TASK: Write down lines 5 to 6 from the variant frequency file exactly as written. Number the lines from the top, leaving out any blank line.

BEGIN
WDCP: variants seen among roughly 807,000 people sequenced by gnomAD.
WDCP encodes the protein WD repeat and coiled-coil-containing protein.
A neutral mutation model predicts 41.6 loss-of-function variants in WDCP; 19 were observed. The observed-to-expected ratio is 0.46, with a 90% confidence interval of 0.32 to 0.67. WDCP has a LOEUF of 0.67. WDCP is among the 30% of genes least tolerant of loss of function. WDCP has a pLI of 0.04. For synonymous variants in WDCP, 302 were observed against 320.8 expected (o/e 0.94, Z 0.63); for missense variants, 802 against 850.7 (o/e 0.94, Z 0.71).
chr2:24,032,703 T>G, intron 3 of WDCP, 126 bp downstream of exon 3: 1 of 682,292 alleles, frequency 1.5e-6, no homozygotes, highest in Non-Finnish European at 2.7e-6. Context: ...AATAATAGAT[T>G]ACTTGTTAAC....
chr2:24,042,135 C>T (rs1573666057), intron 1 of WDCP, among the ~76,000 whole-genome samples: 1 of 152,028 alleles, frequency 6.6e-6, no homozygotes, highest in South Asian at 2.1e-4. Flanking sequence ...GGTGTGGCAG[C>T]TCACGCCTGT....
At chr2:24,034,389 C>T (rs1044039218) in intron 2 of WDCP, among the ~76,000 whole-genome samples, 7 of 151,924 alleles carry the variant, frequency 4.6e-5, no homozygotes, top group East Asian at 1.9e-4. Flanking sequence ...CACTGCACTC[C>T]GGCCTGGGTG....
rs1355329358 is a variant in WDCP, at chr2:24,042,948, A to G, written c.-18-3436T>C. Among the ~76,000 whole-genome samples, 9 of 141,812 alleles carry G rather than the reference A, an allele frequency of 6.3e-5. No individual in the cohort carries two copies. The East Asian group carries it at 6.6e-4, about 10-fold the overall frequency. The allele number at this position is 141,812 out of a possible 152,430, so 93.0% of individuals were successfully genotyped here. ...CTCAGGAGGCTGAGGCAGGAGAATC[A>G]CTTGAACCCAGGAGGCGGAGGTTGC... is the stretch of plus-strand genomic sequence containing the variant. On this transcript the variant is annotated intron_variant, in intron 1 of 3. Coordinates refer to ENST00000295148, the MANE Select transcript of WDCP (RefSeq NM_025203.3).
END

chr2:24,042,135 C>T (rs1573666057), intron 1 of WDCP, among the ~76,000 whole-genome samples: 1 of 152,028 alleles, frequency 6.6e-6, no homozygotes, highest in South Asian at 2.1e-4. Flanking sequence ...GGTGTGGCAG[C>T]TCACGCCTGT....
At chr2:24,034,389 C>T (rs1044039218) in intron 2 of WDCP, among the ~76,000 whole-genome samples, 7 of 151,924 alleles carry the variant, frequency 4.6e-5, no homozygotes, top group East Asian at 1.9e-4. Flanking sequence ...CACTGCACTC[C>T]GGCCTGGGTG....